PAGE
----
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De Beers is moving to expand exploration at its Gahcho Kue diamond mine.

In a Dec. 31 submission to the Mackenzie Valley Land and Water Board, the miner indicated it would be exploring 11 targets of interest by late February. Split into two phases, the program will cost roughly $2.88 million, according to the submission. 

A drill rig sits at Gahcho Kué Mine as part of a brownfield drill program in April 2019. In the foreground, the boxes contain some of the drill core recovered as part of this program, according to De Beers spokesperson Terry Kruger.
Photo Courtesy of De Beers Group.

De Beers spokesperson Terry Kruger wrote over email that the program represented a continuation of recent years’ brownfield exploration at the site. Ultimately, he said, a successful program “could potentially lead to extending the life of operations – to put more carats into the mine plan.”

Drill results will help the miner determine if their target is kimberlite – a rock sometimes containing diamonds – which would then inform future exploration at the site. 

However, the results of the drilling won’t be finalized for a number of months, Currently that would rule out speculation on the program’s possible impacts on Gahcho Kue’s mine life. 

The move follows recent hints that De Beers could potentially expand mine life at Gahcho Kue. 

In November,  Erik Madsen, lead of corporate affairs with De Beers Canada, told the Mackenzie Valley Land and Water Board that “De Beers is not leaving … stay tuned as we will soon be back in front of this board for a licence amendment for Gahcho Kue mine in order to extend the mine life.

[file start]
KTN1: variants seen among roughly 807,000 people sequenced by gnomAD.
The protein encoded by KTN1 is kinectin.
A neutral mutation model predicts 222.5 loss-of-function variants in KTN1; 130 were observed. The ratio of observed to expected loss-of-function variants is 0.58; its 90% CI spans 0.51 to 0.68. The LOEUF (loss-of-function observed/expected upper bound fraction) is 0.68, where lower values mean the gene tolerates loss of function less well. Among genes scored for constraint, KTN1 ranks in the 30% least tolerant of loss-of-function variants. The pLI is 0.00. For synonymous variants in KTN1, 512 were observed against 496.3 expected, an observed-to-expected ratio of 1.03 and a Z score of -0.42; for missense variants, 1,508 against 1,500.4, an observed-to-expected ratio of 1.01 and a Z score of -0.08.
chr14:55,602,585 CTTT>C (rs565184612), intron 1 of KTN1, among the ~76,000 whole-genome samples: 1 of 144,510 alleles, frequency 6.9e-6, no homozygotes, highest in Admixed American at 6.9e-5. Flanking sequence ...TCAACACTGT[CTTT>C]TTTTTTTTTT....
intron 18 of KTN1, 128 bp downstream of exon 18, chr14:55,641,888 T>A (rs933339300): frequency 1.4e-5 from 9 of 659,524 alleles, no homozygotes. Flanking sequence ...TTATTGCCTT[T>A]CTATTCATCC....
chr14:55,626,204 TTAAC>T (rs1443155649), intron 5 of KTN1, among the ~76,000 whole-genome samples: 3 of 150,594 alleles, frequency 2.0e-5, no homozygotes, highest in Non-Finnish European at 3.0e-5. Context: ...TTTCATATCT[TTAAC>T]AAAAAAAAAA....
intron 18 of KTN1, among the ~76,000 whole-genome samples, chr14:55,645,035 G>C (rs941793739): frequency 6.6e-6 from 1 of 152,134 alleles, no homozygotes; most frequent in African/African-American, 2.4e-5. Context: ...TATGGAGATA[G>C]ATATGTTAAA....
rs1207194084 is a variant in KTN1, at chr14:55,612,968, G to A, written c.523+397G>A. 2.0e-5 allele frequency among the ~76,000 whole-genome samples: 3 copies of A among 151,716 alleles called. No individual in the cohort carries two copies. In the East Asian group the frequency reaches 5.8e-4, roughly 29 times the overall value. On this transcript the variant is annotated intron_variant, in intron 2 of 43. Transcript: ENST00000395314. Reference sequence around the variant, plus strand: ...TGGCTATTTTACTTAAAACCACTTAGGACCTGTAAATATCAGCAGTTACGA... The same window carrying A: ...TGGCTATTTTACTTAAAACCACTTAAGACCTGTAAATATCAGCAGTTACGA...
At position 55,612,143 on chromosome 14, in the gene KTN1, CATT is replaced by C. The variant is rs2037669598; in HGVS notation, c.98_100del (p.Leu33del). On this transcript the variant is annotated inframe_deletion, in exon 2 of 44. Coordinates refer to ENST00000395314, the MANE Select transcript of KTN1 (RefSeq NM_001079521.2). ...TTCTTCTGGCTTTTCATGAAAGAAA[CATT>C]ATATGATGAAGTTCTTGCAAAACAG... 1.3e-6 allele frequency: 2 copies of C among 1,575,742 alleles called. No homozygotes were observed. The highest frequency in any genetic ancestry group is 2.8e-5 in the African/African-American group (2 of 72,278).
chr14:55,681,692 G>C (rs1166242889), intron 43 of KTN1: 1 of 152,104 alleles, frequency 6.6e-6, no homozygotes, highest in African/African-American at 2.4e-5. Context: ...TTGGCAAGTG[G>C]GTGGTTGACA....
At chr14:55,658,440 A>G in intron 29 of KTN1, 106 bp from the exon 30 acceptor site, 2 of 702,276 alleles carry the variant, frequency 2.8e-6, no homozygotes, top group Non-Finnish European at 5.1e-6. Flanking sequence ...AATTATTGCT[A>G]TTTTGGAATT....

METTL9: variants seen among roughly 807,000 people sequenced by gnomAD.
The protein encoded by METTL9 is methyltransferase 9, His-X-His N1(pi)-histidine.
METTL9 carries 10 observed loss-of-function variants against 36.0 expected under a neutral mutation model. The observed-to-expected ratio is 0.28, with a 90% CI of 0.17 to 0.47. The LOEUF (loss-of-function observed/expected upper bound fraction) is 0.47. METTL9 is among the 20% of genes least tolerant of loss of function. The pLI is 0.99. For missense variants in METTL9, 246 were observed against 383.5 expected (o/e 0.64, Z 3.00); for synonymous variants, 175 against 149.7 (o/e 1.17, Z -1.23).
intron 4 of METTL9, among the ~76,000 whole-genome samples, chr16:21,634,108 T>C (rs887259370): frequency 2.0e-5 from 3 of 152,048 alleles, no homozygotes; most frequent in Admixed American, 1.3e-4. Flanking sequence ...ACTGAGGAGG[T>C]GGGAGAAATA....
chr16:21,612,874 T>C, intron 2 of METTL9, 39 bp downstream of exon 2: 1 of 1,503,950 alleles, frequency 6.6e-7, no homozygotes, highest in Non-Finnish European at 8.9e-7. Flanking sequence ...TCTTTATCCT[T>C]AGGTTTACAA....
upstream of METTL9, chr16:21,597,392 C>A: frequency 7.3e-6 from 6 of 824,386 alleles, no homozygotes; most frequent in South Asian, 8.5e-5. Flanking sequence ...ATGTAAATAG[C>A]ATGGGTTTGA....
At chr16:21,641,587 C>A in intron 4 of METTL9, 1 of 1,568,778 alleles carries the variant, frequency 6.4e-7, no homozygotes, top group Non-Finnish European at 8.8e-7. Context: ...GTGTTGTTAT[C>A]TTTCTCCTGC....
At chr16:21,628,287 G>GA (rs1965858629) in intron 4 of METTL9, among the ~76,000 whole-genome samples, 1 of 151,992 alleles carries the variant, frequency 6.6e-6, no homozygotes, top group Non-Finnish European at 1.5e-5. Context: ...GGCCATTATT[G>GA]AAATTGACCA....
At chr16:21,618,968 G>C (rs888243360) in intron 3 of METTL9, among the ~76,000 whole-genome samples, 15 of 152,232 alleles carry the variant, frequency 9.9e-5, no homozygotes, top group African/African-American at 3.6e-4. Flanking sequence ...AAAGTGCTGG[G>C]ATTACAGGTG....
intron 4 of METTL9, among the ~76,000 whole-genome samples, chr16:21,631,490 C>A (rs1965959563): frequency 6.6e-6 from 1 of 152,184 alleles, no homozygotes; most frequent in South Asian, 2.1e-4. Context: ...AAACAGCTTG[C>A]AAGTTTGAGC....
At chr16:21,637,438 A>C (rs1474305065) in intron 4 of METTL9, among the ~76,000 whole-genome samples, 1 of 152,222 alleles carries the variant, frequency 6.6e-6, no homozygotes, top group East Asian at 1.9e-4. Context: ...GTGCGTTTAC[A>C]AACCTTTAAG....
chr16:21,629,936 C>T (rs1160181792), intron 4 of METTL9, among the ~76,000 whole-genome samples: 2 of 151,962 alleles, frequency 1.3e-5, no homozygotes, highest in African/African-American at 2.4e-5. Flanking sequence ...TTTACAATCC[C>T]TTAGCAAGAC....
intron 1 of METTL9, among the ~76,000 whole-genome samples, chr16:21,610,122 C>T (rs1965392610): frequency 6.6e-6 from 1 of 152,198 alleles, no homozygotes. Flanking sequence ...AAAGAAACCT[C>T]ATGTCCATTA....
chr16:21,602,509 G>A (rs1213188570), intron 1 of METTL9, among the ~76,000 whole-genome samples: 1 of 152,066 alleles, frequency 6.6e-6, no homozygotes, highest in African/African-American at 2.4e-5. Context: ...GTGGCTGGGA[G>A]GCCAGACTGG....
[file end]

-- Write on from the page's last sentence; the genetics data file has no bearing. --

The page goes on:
In July, Mountain Province Diamonds, which owns 49 per cent of Gahcho Kue, uncovered a deposit of kimberite there – the first discovery at the site in two decades. At the time, Stuart Brown, president and CEO of Mountain Province, said it was an indication of potentially discovering new kimberlites in the region. 

In production since 2017,  the $1.1 billion project is located 280 kilometres northeast of Yellowknife at Kennady Lake and employs about 267 NWT residents. It has three active pipes: 5034, Hearne and Tuzo.

Writing to News/North, Kruger didn’t elaborate on Madsen’s November comments, but said extending the mine’s life was an ongoing goal for De Beers.

“Gahcho Kue Mine represents a significant investment by De Beers Group and Mountain Province Diamonds and the mine is an important part of the Northwest Territories economy,” he wrote.

“Exploration work has been underway for a couple of years as we hope to identify additional resources that have the potential to extend the life of the mine.”

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Nick Pearce

Nick Pearce is a writer and reporter in Yellowknife, looking for unique stories on the environment and people that make up the North. He's a graduate of Queen's University, where he studied Global Development...

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